In its submissions, the Defence Forces said it consulted with the named doctor who said that the applicant was informed in detail why he was being referred to the psychiatrist. He said the reasons are recorded in the medical notes which he understands to have been released on foot of a previous request. He said that he would have to divulge medically confidential information if he was to get into the precise medical reasons for the referral and he said that if the applicant wants further information on this, it would be best shared directly with him through a follow up medical consultation. The Defence Forces added that that the Defence Forces doctor was not willing to divulge the information due to doctor/patient confidentiality but would forward the information to a GP of the applicant’s choosing in compliance with section 37(3).
The position of the Defence Forces appears to be that if its doctor chooses not to provide information pursuant to section 37(3), it will not look beyond that decision due to doctor/patient confidentiality. It also appears to be suggesting that it cannot ask the doctor to let any other staff within the Defence Forces have access to the information sought in order to process the request as to do so would breach that doctor/patient confidentiality. If that is the case, then it seems to me that the doctor could simply have released the relevant records, if any, directly to the applicant.
Section 37(3) of the FOI Act provides that a public body may refuse a request for records of a medical or psychiatric nature relating to the requester if it considers that disclosure of the information concerned to the requester might be prejudicial to his or her physical or mental health, well-being or emotional condition. Where it refuses a request under subsection (3), it must offer access to such health professional having expertise in relation to the subject matter of the records as the requester may specify (subsection (4) refers).
The Defence Forces presented no argument whatsoever as to why it deems section 37(3) to apply in this case. Not only did it fail to explain why it considers that disclosure of information in the records sought might be prejudicial to the applicant’s physical or mental health, well-being or emotional condition, but it also failed to even clarify what relevant records, if any, it holds that come within the scope of his request.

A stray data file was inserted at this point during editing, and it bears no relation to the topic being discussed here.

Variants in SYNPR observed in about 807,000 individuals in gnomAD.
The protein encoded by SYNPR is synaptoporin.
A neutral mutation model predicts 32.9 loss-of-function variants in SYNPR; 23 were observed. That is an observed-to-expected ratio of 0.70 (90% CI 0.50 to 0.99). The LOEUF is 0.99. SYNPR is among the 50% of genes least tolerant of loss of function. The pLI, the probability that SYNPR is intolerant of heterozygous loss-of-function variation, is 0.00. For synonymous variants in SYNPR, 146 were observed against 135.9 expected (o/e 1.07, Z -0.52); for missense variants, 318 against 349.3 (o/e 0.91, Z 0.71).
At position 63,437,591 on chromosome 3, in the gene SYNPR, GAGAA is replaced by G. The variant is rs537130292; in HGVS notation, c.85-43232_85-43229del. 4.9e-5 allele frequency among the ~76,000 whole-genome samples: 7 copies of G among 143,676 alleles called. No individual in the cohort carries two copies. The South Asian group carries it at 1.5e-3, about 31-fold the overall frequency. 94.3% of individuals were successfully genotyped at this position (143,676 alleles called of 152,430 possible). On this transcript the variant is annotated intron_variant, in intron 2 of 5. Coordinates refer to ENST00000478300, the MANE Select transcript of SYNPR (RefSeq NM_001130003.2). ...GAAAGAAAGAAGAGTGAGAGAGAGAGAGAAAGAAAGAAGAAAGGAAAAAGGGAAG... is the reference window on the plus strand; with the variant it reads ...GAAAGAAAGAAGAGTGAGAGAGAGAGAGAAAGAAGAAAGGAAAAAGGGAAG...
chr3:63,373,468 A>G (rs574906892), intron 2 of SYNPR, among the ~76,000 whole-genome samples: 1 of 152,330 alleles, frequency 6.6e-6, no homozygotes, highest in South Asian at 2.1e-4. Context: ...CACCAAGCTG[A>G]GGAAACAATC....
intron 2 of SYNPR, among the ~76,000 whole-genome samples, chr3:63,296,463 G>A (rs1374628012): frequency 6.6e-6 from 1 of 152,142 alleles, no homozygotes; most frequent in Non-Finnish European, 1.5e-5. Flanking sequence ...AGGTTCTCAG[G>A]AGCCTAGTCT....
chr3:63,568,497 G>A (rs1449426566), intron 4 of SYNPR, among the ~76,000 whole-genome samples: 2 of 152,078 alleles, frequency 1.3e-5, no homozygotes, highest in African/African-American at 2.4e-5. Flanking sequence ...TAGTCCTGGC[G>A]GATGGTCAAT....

I also note the doctor’s assertion that certain relevant records were released on foot of a previous request. If that was the case, the Defence Forces could have sought to refuse the request under section 15(1)(i) of the Act but it did not do so. As no records have been made available to this Office, I am simply not in a position to consider the validity of the doctor’s assertions.
In the circumstances I have no option but to annul the decision of the Defence Forces to refuse the applicant’s request for records under section 37(3). However, I do not consider it appropriate to simply direct the release of all relevant records as I have no knowledge whatsoever of what relevant records, if any, exist or what they might contain. In the circumstances, I consider that the most appropriate course of action to take is to annul the decision of the Defence Forces to refuse the applicant’s request for records relating to him on the matter of his referral to the Defence Forces Consultant Psychiatrist and to direct it conduct a fresh decision making process on the request.
Statement of reasons
Section 10(1) provides that a person who is affected by an act of an FOI body, and has a material interest in a matter affected by the act or to which it relates, is entitled to a statement of reasons for the act as well as a statement of any findings on any material issues of fact made for the purposes of that act. Under subsection (13), an act of a body is deemed to include a decision of the body. Subsection 10 provides that an application under section 10 must be expressed to be such an application. However, subsection (11) provides that a public body must assist an individual in the preparation of an application where it is not explicitly made under section 10.